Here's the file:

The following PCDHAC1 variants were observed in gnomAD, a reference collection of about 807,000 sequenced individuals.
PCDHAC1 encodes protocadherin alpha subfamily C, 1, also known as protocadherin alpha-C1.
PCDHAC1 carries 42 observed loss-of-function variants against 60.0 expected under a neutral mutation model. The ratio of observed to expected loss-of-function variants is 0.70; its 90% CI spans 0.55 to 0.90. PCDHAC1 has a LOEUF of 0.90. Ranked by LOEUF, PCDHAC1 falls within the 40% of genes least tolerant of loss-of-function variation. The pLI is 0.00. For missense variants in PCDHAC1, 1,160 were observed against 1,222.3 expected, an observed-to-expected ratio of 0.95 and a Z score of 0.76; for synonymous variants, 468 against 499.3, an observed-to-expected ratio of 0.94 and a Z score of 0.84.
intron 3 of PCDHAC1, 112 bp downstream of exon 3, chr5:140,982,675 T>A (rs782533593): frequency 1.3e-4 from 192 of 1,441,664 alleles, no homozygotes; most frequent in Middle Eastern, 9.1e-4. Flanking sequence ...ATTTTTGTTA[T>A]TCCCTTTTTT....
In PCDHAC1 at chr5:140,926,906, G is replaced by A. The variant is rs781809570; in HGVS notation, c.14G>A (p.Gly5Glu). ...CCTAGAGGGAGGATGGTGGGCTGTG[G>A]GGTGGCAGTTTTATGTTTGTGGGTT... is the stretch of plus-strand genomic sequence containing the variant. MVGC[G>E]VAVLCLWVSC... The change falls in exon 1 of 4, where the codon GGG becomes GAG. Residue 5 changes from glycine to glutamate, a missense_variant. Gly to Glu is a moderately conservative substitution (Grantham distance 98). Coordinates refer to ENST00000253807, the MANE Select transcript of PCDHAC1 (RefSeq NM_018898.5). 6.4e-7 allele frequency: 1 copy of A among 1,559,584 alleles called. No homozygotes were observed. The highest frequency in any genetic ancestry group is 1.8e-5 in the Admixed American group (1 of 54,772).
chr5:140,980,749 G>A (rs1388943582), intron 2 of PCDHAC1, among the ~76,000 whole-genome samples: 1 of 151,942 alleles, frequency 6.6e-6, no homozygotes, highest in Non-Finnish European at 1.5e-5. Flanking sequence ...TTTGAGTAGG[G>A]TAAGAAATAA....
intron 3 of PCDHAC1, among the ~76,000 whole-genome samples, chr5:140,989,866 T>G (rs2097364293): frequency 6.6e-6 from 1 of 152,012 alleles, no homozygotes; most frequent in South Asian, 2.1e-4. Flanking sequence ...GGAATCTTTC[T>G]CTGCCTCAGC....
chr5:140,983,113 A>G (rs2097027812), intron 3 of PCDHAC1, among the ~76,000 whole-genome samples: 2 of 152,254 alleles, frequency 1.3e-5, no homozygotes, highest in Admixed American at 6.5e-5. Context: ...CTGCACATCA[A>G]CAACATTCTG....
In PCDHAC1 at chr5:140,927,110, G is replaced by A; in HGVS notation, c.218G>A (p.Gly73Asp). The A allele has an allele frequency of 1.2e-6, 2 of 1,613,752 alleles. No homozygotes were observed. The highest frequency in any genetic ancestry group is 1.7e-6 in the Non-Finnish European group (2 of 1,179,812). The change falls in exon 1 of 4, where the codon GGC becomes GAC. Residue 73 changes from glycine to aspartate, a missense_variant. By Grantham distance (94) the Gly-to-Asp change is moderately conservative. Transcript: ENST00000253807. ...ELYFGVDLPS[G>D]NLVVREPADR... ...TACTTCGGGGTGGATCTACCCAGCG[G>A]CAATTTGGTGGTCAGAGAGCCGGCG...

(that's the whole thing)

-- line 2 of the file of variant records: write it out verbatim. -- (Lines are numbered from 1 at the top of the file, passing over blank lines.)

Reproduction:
PCDHAC1 encodes protocadherin alpha subfamily C, 1, also known as protocadherin alpha-C1.